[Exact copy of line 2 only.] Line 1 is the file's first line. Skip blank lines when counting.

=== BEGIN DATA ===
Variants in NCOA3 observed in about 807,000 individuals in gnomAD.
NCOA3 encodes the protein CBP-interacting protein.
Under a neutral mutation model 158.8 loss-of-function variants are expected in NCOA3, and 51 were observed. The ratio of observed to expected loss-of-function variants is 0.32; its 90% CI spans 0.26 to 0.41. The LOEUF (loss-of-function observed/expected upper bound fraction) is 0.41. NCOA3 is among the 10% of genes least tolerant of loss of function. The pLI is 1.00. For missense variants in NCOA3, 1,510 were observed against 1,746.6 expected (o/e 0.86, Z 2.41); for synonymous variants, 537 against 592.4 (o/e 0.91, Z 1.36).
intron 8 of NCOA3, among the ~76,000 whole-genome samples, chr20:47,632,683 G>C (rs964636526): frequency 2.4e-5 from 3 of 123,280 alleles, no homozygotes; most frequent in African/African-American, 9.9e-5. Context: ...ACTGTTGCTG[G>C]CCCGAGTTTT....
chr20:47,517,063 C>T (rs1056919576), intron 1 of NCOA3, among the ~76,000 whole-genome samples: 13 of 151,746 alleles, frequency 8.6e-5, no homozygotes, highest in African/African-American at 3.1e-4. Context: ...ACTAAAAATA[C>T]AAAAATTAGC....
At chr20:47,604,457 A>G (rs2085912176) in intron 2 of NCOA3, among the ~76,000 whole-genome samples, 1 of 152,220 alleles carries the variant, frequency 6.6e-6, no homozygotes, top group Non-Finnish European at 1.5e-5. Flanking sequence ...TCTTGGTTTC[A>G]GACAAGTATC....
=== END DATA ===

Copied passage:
NCOA3 encodes the protein CBP-interacting protein.